All the way it appears. This isn’t just any ordinary run of the mill midterm, this is for all the bananas. And once the GOP has power, they will rape and pillage what’s left of America. Vote BLUE BLUE BLUE!!!
Not just democracy is at stake this fall.
In 2011, the new House Republican majority, egged on by Eric Cantor and Kevin McCarthy and led by radical Tea Party rightists such as Jason Chaffetz, brought the U.S. to the brink of a default. The disaster was headed off by a last-minute compromise between Speaker John Boehner, Senate Minority Leader Mitch McConnell, and President Barack Obama. A breach of the debt ceiling, meaning the loss of the full faith and credit of the United States, would have been catastrophic. But Chaffetz and many of his colleagues were more than willing to make that happen. In the aftermath, Chaffetz said, “We weren’t kidding around. We would have taken it down.”
As it was, the brinkmanship and delays had severe effects. The Dow fell 2,000 points in the months that followed, and borrowing costs for the federal government increased by an estimated $18.9 billion over 10 years, according to the Bipartisan Policy Center.
Chaffetz is now long gone from the House, but the Tea Party radicals—who a few years later formed the Freedom Caucus because the existing right-wing caucus, the Republican Study Committee, was not right-wing enough—have moved from the fringe to the center among House Republicans. And if Republicans capture a majority in next month’s midterm election, they will make the Tea Party group look like milquetoast moderates. The prospect of default, along with extended government shutdowns and disruptions and a hamstrung administration, will loom large.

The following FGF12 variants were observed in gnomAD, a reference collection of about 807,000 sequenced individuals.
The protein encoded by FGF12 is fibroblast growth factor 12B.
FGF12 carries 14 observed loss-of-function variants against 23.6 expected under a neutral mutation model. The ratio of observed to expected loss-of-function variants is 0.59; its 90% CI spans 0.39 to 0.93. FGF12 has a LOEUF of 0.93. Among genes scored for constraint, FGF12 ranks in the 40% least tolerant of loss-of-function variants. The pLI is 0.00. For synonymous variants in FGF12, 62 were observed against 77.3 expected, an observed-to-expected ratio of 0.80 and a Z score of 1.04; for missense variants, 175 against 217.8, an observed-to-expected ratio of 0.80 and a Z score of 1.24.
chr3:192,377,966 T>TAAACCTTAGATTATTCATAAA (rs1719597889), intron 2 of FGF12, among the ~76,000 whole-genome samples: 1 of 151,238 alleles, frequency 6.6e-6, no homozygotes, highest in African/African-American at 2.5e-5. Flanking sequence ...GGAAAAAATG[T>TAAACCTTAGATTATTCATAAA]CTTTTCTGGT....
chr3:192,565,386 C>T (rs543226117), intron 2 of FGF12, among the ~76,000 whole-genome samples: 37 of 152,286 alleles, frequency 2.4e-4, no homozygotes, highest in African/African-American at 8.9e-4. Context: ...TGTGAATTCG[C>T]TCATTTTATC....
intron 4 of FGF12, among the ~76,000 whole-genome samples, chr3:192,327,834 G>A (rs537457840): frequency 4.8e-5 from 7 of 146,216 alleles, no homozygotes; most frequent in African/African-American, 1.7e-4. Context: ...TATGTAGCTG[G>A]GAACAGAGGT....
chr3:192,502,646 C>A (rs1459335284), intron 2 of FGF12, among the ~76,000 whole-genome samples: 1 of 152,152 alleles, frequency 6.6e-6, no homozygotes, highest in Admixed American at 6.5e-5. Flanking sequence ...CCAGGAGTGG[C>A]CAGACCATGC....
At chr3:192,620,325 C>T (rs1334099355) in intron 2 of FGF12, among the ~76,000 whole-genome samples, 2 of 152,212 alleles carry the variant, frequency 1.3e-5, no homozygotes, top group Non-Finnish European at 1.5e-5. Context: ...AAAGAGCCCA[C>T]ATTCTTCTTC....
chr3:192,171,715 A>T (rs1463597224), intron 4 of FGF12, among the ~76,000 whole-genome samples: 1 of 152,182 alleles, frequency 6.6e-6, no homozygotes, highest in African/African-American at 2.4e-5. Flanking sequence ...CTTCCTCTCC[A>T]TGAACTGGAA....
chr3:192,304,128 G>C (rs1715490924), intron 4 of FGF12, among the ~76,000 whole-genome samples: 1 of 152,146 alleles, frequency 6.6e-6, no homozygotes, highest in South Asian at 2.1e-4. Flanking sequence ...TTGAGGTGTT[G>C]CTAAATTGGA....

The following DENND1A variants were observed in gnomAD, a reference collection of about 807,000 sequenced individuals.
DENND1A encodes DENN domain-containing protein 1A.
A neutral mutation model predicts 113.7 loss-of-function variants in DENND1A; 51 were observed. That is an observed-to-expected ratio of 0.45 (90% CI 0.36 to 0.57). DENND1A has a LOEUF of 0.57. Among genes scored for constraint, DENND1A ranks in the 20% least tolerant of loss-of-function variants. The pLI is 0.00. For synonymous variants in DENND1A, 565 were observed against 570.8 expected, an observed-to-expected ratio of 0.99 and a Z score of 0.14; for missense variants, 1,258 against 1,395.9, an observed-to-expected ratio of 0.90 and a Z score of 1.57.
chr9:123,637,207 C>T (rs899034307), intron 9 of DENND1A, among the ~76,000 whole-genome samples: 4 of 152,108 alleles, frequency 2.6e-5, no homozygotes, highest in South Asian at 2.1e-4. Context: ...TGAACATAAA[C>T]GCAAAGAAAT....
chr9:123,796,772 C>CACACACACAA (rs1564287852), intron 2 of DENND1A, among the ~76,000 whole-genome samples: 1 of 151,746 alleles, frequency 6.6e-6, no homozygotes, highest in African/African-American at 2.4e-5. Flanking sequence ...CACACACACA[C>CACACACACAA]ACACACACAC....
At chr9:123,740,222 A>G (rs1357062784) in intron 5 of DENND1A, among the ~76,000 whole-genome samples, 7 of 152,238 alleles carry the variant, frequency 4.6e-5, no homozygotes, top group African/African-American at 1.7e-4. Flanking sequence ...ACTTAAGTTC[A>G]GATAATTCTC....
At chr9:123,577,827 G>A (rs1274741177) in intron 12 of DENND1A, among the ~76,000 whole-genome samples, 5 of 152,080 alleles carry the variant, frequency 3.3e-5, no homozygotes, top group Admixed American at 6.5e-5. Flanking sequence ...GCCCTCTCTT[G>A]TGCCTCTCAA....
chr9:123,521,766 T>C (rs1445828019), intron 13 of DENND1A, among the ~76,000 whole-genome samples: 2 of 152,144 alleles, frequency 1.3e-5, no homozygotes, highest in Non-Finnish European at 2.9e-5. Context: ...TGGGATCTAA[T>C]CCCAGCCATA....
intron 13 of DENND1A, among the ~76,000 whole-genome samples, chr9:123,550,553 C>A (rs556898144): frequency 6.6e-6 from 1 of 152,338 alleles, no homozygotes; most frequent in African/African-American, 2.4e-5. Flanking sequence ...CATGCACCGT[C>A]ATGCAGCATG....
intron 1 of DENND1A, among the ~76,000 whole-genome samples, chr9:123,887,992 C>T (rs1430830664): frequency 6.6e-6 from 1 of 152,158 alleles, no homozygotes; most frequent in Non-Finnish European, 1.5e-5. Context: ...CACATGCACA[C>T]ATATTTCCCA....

If there is one timeworn cliché about elections, it is that the next one is the most significant in our lifetime. There is reason to believe it is true this time. Although the outcomes remain uncertain, one thing is clear: If Republicans win control of the House of Representatives, the country will face a series of fundamental challenges much greater than we have had in any modern period of divided government, including a direct and palpable threat of default and government shutdown. The Republican majority will be more radical, reckless, and willing to employ nuclear options to achieve its goals than any of its predecessors have been, and its leadership, starting with McCarthy, will be either compliant or too weak to head off catastrophe.